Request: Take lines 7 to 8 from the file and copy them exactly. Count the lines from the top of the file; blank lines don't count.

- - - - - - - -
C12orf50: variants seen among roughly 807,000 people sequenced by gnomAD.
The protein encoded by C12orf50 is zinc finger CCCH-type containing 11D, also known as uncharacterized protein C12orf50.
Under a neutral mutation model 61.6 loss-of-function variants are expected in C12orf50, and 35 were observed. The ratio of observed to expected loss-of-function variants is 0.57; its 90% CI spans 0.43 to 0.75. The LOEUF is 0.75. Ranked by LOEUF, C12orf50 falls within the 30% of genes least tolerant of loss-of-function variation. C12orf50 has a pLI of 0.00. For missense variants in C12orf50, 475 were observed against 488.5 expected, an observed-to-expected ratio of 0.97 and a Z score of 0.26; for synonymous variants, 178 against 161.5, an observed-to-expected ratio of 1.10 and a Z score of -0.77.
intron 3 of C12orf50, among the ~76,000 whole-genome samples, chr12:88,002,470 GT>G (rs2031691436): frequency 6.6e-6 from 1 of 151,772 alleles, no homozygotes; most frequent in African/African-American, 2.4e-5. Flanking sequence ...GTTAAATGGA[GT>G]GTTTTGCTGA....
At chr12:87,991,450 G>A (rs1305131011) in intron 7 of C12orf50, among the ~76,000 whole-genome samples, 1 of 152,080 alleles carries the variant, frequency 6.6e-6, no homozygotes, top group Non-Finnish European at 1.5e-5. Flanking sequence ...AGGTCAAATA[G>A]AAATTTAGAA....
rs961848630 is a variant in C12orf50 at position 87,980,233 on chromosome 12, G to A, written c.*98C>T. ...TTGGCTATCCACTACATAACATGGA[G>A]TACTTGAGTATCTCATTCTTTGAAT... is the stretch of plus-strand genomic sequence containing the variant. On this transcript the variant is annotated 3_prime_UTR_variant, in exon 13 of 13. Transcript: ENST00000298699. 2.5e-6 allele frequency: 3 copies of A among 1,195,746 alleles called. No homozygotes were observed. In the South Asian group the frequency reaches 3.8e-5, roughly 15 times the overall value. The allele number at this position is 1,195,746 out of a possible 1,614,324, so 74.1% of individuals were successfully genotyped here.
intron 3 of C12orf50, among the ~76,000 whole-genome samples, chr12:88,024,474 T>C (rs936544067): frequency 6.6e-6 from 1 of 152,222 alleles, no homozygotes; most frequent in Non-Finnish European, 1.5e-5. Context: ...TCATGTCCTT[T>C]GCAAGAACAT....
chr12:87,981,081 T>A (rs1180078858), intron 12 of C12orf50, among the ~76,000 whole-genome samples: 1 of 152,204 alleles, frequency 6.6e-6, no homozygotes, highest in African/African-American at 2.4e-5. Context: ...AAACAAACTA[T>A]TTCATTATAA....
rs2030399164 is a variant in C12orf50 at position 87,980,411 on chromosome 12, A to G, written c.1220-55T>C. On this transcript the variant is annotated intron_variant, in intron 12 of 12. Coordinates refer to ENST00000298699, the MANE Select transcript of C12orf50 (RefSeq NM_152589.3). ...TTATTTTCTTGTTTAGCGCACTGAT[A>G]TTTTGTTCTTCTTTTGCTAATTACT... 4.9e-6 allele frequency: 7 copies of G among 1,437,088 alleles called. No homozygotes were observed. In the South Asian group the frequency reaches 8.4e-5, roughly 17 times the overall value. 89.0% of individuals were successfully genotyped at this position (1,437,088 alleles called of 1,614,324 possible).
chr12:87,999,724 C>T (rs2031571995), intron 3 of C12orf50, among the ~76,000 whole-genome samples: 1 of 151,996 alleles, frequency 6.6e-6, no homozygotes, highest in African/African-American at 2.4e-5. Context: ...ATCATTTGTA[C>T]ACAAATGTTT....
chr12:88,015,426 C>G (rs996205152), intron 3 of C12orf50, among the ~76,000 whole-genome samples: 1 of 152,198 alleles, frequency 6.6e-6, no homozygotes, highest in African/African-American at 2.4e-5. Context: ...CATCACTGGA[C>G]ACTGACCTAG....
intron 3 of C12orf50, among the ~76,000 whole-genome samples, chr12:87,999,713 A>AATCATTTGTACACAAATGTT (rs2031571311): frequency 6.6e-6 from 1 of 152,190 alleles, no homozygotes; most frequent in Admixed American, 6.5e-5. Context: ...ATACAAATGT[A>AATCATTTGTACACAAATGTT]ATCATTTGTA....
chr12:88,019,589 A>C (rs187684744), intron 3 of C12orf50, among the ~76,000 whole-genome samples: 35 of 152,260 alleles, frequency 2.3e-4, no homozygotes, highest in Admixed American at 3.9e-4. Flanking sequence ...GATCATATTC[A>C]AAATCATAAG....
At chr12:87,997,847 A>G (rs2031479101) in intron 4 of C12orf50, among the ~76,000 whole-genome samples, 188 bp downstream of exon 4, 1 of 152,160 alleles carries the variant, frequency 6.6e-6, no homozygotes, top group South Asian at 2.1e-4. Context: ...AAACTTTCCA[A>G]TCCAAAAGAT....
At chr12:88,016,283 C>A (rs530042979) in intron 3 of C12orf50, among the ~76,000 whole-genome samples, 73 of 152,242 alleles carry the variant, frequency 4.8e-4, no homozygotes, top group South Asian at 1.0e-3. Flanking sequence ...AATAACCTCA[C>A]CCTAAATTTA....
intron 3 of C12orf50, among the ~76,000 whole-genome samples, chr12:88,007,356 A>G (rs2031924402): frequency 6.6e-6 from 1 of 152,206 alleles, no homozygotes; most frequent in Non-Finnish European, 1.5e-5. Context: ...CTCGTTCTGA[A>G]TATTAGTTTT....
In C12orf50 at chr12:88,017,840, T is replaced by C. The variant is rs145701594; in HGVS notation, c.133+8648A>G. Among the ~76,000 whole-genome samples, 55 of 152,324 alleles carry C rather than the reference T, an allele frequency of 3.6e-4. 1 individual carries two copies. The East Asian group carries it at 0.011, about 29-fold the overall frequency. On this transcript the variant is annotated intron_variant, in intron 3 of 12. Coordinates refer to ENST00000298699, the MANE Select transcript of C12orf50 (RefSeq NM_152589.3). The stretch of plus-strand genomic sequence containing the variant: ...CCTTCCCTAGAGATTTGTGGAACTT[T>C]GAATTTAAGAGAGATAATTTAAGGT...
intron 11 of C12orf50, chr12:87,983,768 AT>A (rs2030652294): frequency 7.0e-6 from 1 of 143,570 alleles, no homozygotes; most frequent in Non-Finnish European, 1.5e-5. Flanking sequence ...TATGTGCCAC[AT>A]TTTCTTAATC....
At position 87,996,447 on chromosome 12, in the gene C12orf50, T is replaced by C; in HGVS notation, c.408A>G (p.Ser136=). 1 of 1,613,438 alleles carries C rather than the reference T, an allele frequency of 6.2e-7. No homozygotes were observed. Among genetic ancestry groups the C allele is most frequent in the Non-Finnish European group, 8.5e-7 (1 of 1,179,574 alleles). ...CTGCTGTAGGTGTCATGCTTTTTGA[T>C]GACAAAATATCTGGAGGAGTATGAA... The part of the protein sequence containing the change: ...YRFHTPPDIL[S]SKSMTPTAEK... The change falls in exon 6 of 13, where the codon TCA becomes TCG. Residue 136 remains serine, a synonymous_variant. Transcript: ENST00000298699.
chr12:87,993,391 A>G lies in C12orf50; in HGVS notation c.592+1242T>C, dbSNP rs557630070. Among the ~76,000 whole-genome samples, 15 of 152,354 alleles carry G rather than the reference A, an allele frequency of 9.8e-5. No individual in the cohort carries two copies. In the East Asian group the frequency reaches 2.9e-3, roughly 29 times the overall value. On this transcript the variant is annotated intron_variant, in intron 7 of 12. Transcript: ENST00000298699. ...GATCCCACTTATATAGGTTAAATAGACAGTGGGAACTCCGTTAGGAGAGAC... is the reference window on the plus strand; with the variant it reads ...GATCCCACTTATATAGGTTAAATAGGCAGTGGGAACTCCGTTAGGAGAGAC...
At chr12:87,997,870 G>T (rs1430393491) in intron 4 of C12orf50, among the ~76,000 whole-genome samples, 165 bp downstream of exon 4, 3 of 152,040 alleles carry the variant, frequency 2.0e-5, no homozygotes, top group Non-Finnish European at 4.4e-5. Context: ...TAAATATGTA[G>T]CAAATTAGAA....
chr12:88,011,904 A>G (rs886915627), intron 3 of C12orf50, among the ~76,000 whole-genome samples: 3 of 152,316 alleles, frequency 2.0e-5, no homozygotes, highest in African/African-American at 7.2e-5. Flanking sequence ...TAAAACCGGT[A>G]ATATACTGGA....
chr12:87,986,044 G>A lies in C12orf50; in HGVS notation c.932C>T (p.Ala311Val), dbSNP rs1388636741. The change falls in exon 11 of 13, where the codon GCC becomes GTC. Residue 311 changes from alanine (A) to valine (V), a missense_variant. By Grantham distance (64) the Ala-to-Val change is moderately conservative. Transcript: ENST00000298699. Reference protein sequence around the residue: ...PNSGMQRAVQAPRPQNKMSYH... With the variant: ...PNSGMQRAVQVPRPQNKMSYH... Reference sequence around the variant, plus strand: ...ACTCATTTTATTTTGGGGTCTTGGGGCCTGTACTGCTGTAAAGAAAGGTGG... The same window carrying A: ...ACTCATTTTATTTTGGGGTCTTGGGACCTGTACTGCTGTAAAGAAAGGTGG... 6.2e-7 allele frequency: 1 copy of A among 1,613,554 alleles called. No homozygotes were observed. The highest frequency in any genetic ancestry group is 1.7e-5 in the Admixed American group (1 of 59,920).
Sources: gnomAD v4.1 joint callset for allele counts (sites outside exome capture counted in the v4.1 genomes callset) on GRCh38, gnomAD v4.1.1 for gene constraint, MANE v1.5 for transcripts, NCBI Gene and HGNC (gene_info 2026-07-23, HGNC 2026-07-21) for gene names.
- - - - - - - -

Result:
intron 3 of C12orf50, among the ~76,000 whole-genome samples, chr12:88,024,474 T>C (rs936544067): frequency 6.6e-6 from 1 of 152,222 alleles, no homozygotes; most frequent in Non-Finnish European, 1.5e-5. Context: ...TCATGTCCTT[T>C]GCAAGAACAT....
chr12:87,981,081 T>A (rs1180078858), intron 12 of C12orf50, among the ~76,000 whole-genome samples: 1 of 152,204 alleles, frequency 6.6e-6, no homozygotes, highest in African/African-American at 2.4e-5. Context: ...AAACAAACTA[T>A]TTCATTATAA....